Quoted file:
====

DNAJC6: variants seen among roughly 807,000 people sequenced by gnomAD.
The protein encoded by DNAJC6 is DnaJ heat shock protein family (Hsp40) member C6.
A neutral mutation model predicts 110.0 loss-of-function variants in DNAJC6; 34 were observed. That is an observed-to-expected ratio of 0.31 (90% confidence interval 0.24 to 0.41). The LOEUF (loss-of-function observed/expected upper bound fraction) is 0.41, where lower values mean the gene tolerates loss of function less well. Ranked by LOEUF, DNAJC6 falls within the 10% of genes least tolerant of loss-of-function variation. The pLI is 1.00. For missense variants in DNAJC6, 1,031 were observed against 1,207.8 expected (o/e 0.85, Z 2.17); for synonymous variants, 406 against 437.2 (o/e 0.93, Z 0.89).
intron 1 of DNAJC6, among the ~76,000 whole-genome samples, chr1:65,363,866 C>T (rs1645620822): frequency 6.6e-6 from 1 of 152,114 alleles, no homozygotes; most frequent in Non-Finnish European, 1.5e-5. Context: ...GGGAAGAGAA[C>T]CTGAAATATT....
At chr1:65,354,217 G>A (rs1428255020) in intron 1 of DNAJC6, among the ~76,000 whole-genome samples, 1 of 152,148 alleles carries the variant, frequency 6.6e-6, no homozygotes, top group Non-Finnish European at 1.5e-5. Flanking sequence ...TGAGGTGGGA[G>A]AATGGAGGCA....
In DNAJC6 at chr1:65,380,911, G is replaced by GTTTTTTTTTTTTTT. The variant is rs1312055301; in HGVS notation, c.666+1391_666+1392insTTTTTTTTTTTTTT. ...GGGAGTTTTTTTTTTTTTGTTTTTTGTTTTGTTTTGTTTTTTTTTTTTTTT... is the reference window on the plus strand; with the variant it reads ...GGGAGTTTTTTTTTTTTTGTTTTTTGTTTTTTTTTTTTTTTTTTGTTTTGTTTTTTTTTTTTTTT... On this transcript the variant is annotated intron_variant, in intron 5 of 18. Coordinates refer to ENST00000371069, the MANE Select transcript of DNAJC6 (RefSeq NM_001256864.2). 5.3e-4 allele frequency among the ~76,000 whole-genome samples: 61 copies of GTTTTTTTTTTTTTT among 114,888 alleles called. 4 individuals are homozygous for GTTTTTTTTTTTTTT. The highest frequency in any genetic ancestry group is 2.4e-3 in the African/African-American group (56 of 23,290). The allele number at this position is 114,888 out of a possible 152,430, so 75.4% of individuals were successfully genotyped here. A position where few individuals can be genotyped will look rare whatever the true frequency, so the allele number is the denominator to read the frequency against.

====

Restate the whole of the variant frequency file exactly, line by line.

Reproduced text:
DNAJC6: variants seen among roughly 807,000 people sequenced by gnomAD.
The protein encoded by DNAJC6 is DnaJ heat shock protein family (Hsp40) member C6.
A neutral mutation model predicts 110.0 loss-of-function variants in DNAJC6; 34 were observed. That is an observed-to-expected ratio of 0.31 (90% confidence interval 0.24 to 0.41). The LOEUF (loss-of-function observed/expected upper bound fraction) is 0.41, where lower values mean the gene tolerates loss of function less well. Ranked by LOEUF, DNAJC6 falls within the 10% of genes least tolerant of loss-of-function variation. The pLI is 1.00. For missense variants in DNAJC6, 1,031 were observed against 1,207.8 expected (o/e 0.85, Z 2.17); for synonymous variants, 406 against 437.2 (o/e 0.93, Z 0.89).
intron 1 of DNAJC6, among the ~76,000 whole-genome samples, chr1:65,363,866 C>T (rs1645620822): frequency 6.6e-6 from 1 of 152,114 alleles, no homozygotes; most frequent in Non-Finnish European, 1.5e-5. Context: ...GGGAAGAGAA[C>T]CTGAAATATT....
At chr1:65,354,217 G>A (rs1428255020) in intron 1 of DNAJC6, among the ~76,000 whole-genome samples, 1 of 152,148 alleles carries the variant, frequency 6.6e-6, no homozygotes, top group Non-Finnish European at 1.5e-5. Flanking sequence ...TGAGGTGGGA[G>A]AATGGAGGCA....
In DNAJC6 at chr1:65,380,911, G is replaced by GTTTTTTTTTTTTTT. The variant is rs1312055301; in HGVS notation, c.666+1391_666+1392insTTTTTTTTTTTTTT. ...GGGAGTTTTTTTTTTTTTGTTTTTTGTTTTGTTTTGTTTTTTTTTTTTTTT... is the reference window on the plus strand; with the variant it reads ...GGGAGTTTTTTTTTTTTTGTTTTTTGTTTTTTTTTTTTTTTTTTGTTTTGTTTTTTTTTTTTTTT... On this transcript the variant is annotated intron_variant, in intron 5 of 18. Coordinates refer to ENST00000371069, the MANE Select transcript of DNAJC6 (RefSeq NM_001256864.2). 5.3e-4 allele frequency among the ~76,000 whole-genome samples: 61 copies of GTTTTTTTTTTTTTT among 114,888 alleles called. 4 individuals are homozygous for GTTTTTTTTTTTTTT. The highest frequency in any genetic ancestry group is 2.4e-3 in the African/African-American group (56 of 23,290). The allele number at this position is 114,888 out of a possible 152,430, so 75.4% of individuals were successfully genotyped here. A position where few individuals can be genotyped will look rare whatever the true frequency, so the allele number is the denominator to read the frequency against.